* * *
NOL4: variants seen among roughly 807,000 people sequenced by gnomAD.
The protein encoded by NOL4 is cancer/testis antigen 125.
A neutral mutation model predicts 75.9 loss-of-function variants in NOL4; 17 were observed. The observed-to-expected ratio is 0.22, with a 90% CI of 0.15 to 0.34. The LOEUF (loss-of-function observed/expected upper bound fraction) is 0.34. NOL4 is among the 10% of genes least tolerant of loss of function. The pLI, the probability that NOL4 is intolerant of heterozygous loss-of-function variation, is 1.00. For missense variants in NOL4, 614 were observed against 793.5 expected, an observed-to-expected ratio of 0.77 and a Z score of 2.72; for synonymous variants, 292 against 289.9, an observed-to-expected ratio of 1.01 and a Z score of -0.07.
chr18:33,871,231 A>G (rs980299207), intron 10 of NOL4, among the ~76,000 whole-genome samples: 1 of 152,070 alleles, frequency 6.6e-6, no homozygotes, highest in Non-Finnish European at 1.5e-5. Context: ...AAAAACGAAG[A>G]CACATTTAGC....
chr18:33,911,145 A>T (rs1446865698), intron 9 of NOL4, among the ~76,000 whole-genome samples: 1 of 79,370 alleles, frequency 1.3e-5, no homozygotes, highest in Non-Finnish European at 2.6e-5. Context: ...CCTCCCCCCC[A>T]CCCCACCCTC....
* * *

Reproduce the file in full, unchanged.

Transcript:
NOL4: variants seen among roughly 807,000 people sequenced by gnomAD.
The protein encoded by NOL4 is cancer/testis antigen 125.
A neutral mutation model predicts 75.9 loss-of-function variants in NOL4; 17 were observed. The observed-to-expected ratio is 0.22, with a 90% CI of 0.15 to 0.34. The LOEUF (loss-of-function observed/expected upper bound fraction) is 0.34. NOL4 is among the 10% of genes least tolerant of loss of function. The pLI, the probability that NOL4 is intolerant of heterozygous loss-of-function variation, is 1.00. For missense variants in NOL4, 614 were observed against 793.5 expected, an observed-to-expected ratio of 0.77 and a Z score of 2.72; for synonymous variants, 292 against 289.9, an observed-to-expected ratio of 1.01 and a Z score of -0.07.
chr18:33,871,231 A>G (rs980299207), intron 10 of NOL4, among the ~76,000 whole-genome samples: 1 of 152,070 alleles, frequency 6.6e-6, no homozygotes, highest in Non-Finnish European at 1.5e-5. Context: ...AAAAACGAAG[A>G]CACATTTAGC....
chr18:33,911,145 A>T (rs1446865698), intron 9 of NOL4, among the ~76,000 whole-genome samples: 1 of 79,370 alleles, frequency 1.3e-5, no homozygotes, highest in Non-Finnish European at 2.6e-5. Context: ...CCTCCCCCCC[A>T]CCCCACCCTC....